How to include 'ecosystem engineers' in our conservation plans
In ecosystems, all species interact with each other and their environment. However, some species have a much greater influence than others. Certain plants or animals are able to greatly modify their landscape through just their mere presence. This makes them part of the group know as "ecosystem engineers."
One of the best known examples of an ecosystem engineer is the beaver. By building damns, beavers change the flow of rivers and transform terrestrial ecosystems into wetlands. This leads to a whole cascade of processes and the arrival of new animals.
Although the individual cases of ecosystem engineers helping biodiversity are well documented, the mechanisms at work are not yet well understood. Scientists from UNIL have developed a guide for predicting and measuring the influence of species on ecosystems under different conditions. The aim of the guide is to include "ecosystem engineers" in the process of biodiversity conservation and ecosystem maintenance. The team's review is published in Functional Ecology.
To establish this framework, the scientists proceeded in several stages. First, knowledge and literature about the known ecosystem engineers was collected. Next, the team developed a comprehensive framework to model and quantify the effects of the species. Finally, a procedure for including these natural regulators as much as possible in the field was created.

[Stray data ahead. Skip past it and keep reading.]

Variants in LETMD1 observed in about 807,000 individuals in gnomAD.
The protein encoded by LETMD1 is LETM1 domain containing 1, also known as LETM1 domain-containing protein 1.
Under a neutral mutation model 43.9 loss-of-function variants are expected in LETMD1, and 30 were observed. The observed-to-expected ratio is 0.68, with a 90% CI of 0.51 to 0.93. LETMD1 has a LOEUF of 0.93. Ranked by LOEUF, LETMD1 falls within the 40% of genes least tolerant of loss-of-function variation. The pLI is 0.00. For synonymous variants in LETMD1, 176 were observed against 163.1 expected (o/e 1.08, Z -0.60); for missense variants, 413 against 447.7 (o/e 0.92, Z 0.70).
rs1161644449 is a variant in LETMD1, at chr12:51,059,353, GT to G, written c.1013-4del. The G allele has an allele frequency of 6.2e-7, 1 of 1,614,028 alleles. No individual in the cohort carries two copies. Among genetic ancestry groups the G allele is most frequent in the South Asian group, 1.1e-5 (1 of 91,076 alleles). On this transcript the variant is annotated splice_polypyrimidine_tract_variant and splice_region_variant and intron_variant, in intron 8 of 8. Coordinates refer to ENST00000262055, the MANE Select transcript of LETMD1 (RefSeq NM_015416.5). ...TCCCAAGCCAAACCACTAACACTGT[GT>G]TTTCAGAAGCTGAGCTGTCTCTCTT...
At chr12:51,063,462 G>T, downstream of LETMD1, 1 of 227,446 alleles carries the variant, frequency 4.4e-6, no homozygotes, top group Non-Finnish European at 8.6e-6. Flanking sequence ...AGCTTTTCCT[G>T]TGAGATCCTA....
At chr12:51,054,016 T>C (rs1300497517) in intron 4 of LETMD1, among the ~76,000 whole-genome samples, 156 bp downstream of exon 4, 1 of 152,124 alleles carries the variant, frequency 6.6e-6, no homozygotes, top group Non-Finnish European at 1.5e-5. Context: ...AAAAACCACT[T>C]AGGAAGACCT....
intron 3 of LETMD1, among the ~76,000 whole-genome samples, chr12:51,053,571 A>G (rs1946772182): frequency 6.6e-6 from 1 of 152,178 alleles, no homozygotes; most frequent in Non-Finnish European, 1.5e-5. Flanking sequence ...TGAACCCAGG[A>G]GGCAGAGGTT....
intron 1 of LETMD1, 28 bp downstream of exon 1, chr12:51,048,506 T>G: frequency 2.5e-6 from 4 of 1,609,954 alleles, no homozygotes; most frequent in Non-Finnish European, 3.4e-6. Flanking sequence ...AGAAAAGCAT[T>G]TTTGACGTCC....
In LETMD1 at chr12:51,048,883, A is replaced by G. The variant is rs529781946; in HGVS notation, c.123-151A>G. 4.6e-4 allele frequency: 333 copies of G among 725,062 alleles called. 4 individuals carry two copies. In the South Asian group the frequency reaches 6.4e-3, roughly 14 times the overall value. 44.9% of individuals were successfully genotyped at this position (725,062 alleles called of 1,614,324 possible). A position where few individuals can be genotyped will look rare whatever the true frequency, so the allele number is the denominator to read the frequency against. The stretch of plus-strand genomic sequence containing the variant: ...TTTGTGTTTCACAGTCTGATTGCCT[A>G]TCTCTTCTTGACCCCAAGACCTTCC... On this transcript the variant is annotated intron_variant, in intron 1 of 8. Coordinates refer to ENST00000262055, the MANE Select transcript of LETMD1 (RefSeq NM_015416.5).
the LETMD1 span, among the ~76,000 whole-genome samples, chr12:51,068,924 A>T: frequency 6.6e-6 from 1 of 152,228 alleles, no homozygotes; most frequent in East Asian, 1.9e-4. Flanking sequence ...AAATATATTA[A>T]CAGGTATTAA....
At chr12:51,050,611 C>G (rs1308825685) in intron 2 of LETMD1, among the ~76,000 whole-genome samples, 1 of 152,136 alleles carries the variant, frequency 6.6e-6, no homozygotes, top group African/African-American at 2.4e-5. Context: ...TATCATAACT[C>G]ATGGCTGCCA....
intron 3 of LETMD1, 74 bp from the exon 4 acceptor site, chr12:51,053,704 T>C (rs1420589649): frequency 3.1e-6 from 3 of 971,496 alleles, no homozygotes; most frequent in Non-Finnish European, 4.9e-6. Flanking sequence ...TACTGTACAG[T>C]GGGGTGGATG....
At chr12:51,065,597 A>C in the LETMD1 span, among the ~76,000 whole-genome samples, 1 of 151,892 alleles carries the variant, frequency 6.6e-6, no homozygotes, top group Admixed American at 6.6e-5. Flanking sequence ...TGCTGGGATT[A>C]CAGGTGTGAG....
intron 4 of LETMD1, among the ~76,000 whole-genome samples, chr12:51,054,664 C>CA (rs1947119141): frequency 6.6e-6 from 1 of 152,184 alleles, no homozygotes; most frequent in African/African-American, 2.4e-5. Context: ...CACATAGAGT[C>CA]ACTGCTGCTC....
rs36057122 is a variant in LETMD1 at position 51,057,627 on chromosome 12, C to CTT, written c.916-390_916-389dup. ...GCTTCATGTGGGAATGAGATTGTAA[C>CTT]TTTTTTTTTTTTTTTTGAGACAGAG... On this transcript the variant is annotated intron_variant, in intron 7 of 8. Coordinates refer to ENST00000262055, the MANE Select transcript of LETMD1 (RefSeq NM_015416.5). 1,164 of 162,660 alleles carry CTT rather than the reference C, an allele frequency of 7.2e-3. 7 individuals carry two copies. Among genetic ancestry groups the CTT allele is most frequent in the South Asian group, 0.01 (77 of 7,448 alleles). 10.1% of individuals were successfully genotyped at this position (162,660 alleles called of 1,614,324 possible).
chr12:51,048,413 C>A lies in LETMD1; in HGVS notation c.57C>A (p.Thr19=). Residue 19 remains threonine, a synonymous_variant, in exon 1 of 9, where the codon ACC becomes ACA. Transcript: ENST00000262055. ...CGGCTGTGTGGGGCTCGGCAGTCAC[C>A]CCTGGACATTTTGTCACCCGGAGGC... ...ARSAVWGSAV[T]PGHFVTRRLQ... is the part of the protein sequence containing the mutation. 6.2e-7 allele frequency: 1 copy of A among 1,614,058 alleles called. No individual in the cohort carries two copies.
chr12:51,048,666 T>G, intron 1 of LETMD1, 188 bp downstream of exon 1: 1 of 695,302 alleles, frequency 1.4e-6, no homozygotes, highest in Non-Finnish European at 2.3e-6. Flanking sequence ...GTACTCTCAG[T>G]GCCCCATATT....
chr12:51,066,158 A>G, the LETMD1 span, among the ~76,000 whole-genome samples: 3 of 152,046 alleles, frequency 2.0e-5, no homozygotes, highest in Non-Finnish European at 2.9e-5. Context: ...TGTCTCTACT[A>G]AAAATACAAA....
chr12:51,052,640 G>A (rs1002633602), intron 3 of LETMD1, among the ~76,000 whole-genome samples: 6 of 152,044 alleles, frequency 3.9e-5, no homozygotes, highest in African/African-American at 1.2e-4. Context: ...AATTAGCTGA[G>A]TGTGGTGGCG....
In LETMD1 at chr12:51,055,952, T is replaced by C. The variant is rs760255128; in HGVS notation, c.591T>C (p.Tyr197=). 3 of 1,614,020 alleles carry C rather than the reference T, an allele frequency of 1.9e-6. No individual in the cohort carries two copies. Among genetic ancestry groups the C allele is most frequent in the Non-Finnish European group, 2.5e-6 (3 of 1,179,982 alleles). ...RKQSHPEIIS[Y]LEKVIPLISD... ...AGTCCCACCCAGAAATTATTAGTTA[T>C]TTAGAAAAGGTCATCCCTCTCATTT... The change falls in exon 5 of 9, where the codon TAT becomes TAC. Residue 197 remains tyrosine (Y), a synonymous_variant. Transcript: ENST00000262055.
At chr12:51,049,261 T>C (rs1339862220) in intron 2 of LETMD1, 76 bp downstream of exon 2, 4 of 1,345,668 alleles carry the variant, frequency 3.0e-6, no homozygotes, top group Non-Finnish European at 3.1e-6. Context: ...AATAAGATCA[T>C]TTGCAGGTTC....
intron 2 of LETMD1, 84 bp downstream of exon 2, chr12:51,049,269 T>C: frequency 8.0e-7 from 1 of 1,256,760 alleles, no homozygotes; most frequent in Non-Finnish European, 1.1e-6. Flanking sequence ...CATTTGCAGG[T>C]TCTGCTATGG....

Gianalberto Losapio is the lead author of the study and a researcher at the faculty of Geosciences and Environment at UNIL. He is also affiliated with the University of Milan. He said, "This guide is intended to help specialists and communities ask themselves the right questions when setting up conservation programs. For example: What is the goal? What are the characteristics of the terrain, as well as the spatial context?"
The guide also provides tools to assess the impact of the actions carried out so that they can be adapted if necessary. "Some restoration projects end up being abandoned because introduced species cannot survive," adds Losapio. "We believe a comprehensive approach is more likely to succeed."
More information: Gianalberto Losapio et al, Monitoring and modelling the effects of ecosystem engineers on ecosystem functioning, Functional Ecology (2023). DOI: 10.1111/1365-2435.14315
Journal information: Functional Ecology
Provided by British Ecological Society